When you are in university you have a lot going on. Between the midterms, weekly readings, assignment deadlines, finals, and dollar-beer night at the campus pub there isn’t much time to focus on saving for the future. Even just saying “saving for the future“ as a student carries with it the distasteful connotation of being a grown-up and dealing with the responsibilities of life after university.
However, there is one trend that affects the majority of university graduates and forces them into the proverbial real world almost instantaneously after graduation. That trend is student debt.
Student debt rates have been increasing over the years alongside tuition. This puts added pressure on recent graduates to find a job, even if its not really what they would like to do. That is a depressing thought given how hard students work to earn their degree in hopes that they will be pursuing a dream.
There are, however, a few things that students can do during their studies to cushion the blow of student debt repayments after graduation, hopefully helping them avoid settling for an unwanted job.
Yes I know, this seems like a very obvious tip, yet it is very difficult to execute when trying to balance a full-time university course load with a part-time job… or two. One thing you can do is ensure that you save a substantial amount during summer break.
A summer job is crucial to a student’s financial standing. The problem lies in saving enough money to get you through the school year stress free. With so many activities pulling at your financial attention in the summer it is absolutely necessary to build a budget and understand your financial needs during the school year. Although the cross-country road trips, bar nights, vacations, and endless outdoor musical festivals are enticing, make sure the first thing you are doing with your summer income is contributing to a savings plan of some sort.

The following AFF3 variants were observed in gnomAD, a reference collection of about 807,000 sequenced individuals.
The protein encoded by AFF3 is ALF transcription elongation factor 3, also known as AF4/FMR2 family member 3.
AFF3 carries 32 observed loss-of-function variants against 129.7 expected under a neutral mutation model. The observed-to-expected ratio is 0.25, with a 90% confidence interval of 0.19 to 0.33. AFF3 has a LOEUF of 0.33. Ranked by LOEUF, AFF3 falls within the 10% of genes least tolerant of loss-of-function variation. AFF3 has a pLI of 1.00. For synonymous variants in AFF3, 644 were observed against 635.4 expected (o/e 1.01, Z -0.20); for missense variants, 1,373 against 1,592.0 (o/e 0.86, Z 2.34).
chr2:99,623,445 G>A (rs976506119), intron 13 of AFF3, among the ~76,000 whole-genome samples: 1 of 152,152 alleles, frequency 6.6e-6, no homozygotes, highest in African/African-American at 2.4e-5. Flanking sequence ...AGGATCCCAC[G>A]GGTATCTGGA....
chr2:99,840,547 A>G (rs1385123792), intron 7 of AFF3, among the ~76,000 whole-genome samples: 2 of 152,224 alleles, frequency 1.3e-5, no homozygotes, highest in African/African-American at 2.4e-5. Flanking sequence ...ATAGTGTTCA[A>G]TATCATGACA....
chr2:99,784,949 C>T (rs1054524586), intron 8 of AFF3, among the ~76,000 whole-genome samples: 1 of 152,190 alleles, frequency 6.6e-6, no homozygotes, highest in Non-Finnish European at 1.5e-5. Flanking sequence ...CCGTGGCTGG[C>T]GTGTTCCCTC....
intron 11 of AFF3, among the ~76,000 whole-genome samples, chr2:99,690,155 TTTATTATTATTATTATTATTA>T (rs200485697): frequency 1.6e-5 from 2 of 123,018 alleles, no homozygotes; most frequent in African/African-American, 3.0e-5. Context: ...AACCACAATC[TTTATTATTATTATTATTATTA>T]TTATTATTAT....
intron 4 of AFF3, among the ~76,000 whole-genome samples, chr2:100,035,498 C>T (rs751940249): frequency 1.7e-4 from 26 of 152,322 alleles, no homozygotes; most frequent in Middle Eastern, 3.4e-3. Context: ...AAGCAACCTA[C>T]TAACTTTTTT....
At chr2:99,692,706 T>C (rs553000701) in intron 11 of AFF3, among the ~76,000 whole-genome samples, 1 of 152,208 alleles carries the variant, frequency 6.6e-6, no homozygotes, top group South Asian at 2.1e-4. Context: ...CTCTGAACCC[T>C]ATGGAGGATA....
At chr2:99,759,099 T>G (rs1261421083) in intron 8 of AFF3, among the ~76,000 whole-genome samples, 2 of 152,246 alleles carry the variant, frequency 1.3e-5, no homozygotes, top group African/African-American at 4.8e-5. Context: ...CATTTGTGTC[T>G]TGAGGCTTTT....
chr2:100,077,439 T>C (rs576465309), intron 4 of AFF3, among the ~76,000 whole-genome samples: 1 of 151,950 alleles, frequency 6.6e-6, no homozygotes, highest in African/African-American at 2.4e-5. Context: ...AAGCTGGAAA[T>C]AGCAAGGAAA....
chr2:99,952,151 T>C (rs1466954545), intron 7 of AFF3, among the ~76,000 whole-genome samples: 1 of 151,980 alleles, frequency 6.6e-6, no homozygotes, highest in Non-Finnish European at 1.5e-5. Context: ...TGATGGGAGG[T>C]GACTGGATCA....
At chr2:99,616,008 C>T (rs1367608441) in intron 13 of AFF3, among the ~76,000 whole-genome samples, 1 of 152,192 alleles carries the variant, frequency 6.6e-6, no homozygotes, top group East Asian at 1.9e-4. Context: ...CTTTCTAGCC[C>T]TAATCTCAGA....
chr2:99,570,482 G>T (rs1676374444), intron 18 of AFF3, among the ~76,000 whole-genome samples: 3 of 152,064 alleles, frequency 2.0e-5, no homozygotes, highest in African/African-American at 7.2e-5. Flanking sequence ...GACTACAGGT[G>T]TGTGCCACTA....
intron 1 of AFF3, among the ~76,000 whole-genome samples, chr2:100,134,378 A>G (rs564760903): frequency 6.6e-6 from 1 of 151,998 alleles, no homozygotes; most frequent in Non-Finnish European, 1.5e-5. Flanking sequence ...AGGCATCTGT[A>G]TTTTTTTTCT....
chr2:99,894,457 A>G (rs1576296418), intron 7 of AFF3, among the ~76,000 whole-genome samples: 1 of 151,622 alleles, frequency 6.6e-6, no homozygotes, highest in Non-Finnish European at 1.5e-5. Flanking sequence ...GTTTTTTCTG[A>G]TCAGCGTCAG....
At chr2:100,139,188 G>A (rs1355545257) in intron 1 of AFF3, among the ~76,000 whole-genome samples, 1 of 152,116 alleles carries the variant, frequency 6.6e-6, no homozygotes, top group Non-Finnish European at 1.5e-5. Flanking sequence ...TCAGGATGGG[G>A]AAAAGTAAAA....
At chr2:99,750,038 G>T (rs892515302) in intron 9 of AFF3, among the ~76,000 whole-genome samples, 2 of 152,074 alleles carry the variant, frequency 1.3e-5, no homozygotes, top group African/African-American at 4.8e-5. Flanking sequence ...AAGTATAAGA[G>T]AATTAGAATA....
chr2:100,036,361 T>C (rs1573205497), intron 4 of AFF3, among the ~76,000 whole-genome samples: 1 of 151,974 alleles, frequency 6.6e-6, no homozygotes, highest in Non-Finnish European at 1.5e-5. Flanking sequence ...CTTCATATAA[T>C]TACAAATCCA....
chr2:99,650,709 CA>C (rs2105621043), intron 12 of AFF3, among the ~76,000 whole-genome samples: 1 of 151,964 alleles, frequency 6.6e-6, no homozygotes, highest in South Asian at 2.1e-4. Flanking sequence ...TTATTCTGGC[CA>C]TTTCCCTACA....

Utilizing a TFSA
A Tax-Free Savings Account (TFSA) is a great financial tool for students. It is simply a bank account that allows you to save money and grow your investments without incurring capital gains tax. You can easily open a TFSA at your local bank branch. There is, however, a contribution limit associated with every individual’s TFSA, but it is unique to that person’s age and previous contributions. This may sound complicated but it is actually fairly straight forward and will be covered in a future post that breaks down the difference between an RRSP and a TFSA.
So, how can a student benefit from a TFSA?
Well, a TFSA allows you to save money and grow your investments without capital gains tax. Thus, it is a great way to save a portion of your summer income and invest it in in low-risk securities such as treasury bonds. You can also sit down with a Financial Planner and come-up with a balanced portfolio of mutual funds that suits your risk tolerance.
How much should you save?
Well, this depends on a few factors. You will want to make sure you pay-off any outstanding credit card debt first, as this incurs significantly high interest payments. After paying down this high-interest debt try starting by saving 10% of your summer income. If you feel like you can save more then great! Go right ahead! Furthermore, if you saved enough liquid cash to cover your school year expenses then you can save a significant portion of any part-time job income you gain during your semesters of study. The idea here is that your consistent savings will be invested in low-risk investments that will leave you with an increased amount of capital upon graduation. You can then use these savings to make a large initial repayment against your student debt.
Here are some general guidelines to help you utilize the TFSA and save:
- Work full-time in the summer and at least part-time during the school year
- Pay-down high-interest credit card debt ASAP
- Regularly contribute to your TFSA every pay
- Sit down with a Financial Planner to determine a low-risk investment strategy to grow the value of your savings
- Upon graduation, use these savings to substantially lower your outstanding student debt
Trying to save while balancing the demand of your expenses with a full-time course load is a challenging feat. However, with proper planning, building a budget, capitalizing on your higher summer income, and utilizing a TFSA you can put a dent in the looming student debt interest payments waiting for you after graduation.
Breaking The Trend